The antioxidant and radical scavenging activities of tannins are often linked to the interaction with metal ions, forming chelated complexes (8). The antiviral activity of the phenolic compounds against several DNA and/or RNA viruses has been well documented by Chattopadhay et al. (9), Bhanuprakash et al. (10), Elsebai et al. (11). Thus, Gamaleldin et al. (12), reported that plants, rich in chlorogenic acids (CGAs), caffeic acids and their derivatives, have been found to exert the antiviral effects against influenza virus neuraminidase. The crude and aqueous extract and the ethyl acetate fractions of Trichilia catigua (a Brazilian native plant) have been reported to exert the antiviral activity during the replication of the Herpes Simplex Virus (HSV-1), BHV-1 and Poliovirus (PV-1), which are responsible for important diseases in humans and animals (13).

The phenolic compound eugeniin (ellagitannin), extracted from Geum japonicum and Syzygiuma romaticum, clearly demonstrated the anti-HSV activity by decreasing the DNA polymerase activity (14).

In a systematic study of the antiviral activity of a very wide range of natural products, Van den Berghe et al. (15) concluded that polyphenols act principally by binding the virus and/or the protein of the host cell membrane being able to inhibit the absorption of several viruses. Further researches demonstrated the capability of polyphenols to inactivate proteins from the cell surface, to block the viral adsorption and to inhibit the viral enzymes such as reverse transcriptase and RNA polymeraseand poly (ADP-ribose) (16).

Steinmann et al. (17) reported the antiviral activity of epigallocatechin-3-gallate (EGCG), the main constituent of Camellia sinensis (green tea), showing different mechanisms of action on diverse families of viruses, such as Retroviridae, Orthomyxoviridae and Flaviviridae, as well as important human pathogens such as the human immunodeficiency, influenza A and hepatitis C viruses. Furthermore, the molecule demonstrated to be able to interfere with the replication cycle of DNA viruses like hepatitis B virus, herpes simplex virus and adenovirus.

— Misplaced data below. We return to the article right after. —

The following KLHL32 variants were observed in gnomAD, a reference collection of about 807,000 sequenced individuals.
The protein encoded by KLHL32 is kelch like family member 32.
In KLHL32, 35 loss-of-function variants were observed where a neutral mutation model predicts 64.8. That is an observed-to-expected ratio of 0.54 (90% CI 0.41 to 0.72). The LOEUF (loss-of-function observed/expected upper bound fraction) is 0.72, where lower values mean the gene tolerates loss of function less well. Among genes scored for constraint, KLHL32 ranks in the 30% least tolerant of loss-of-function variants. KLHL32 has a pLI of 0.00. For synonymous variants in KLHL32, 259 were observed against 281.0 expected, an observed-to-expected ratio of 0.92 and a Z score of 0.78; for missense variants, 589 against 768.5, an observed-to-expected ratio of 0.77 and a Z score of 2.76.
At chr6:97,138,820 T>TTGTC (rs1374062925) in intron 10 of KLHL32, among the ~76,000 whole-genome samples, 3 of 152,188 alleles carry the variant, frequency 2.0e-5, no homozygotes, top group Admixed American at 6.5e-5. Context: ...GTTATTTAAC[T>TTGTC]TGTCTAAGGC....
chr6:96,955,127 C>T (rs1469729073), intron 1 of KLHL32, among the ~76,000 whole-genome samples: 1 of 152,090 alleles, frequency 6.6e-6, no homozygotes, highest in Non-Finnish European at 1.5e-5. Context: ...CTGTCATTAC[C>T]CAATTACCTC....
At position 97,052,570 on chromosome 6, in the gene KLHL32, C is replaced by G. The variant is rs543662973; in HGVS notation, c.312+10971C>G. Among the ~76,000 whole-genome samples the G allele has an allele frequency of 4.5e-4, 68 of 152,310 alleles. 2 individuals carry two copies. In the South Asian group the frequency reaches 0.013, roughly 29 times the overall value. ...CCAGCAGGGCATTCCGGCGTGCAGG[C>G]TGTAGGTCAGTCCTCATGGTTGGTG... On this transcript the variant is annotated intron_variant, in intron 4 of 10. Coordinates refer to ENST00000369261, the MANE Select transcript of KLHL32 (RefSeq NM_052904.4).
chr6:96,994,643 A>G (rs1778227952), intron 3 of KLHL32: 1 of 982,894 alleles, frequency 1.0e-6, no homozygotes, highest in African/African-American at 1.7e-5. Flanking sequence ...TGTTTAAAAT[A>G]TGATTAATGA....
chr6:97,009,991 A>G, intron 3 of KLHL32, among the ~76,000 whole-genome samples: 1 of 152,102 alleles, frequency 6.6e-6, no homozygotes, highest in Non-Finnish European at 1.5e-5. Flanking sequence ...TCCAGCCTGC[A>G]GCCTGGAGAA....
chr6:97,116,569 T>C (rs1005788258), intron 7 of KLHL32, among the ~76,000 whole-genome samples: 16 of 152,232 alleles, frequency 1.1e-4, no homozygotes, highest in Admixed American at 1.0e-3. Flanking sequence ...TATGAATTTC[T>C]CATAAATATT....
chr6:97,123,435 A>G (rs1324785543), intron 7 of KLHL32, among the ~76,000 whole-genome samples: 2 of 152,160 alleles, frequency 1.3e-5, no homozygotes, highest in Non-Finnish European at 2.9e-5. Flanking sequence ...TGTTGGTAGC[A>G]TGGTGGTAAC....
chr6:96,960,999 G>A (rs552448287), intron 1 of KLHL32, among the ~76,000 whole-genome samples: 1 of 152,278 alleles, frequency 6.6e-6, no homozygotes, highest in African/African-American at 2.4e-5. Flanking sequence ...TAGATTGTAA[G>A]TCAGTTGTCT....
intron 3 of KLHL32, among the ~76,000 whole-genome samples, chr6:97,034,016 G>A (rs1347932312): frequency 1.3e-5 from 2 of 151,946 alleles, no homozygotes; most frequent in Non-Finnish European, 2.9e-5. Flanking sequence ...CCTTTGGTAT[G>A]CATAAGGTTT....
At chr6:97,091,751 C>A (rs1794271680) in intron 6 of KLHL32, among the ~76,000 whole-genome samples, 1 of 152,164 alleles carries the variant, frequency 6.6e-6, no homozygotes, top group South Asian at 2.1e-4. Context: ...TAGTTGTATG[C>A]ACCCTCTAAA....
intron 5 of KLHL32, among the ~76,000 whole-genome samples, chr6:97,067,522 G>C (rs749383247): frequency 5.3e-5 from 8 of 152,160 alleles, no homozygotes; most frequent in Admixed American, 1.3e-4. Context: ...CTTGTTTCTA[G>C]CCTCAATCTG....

Another example of the antiviral effect of polyphenols is that of bakuchiola phenolic isoprenoid with novel enantiomer-selective anti-influenza A virus activity involving Nrf2 activation. Compounds like (+)-(S)-bakuchiol and its enantiomer, (-)-(R)-bakuchiol, inhibit influenza A viral infection and growth and reduce the expression of viral mRNAs and proteins in these cells. Furthermore, these compounds markedly reduced the mRNA expression of the host cell influenza A virus-induced immune response genes, interferon-β and myxovirus-resistant protein 1. Interestingly, (+)-(S)-bakuchiol had a greater efficacy than (-)-(R)-bakuchiol, indicating that chirality influenced the anti-influenza virus activity (18).

Rhizophora mangle L, red mangrove, is recognized in the Cuban traditional medicine and in different Caribbean countries as well (19). Its aqueous bark extract showed to be rich in polyphenols (20). R. mangle revealed interesting pharmacological effects with therapeutic potentiality such as: antimicrobial (21), wound healing promoter (22), anti-inflammatory (23), in the treatment of aphthous ulcer (24), antioxidant (25), and antiulcerogenic (26). The chemical composition of Rhizophora mangle aqueous bark extract and its fractions were also studied in previous researches (26,27).

It is worth mentioning that polyphenols may modulate the production of IL-2 and interferon gamma (IFN-gamma). Thus following that logic, it was confirmed that the structural diversity of polyphenols present in Rhizophora mangle L has a capacity to stimulate the release of IL-2, indicating that such polyphenols play an important role in the biological regulations (27).

Orf, commonly referred as contagious ecthyma, is a highly contagious viral disease that causes important economic losses in sheep and goats, being one of the most skin distressing diseases affecting these species. The topical application of Rhizophora mangle aqueous bark extract on lambs experimentally infected with Orf virus shows a faster healing than in the treated group (28).

The current work researched the in vitro antiviral activity of Rhizophora mangle aqueous bark extract (RMABE) and its butanolic fraction (BF-RMABE) against BHV-1 and CDV as prototypes of DNA and RNA viruses respectively.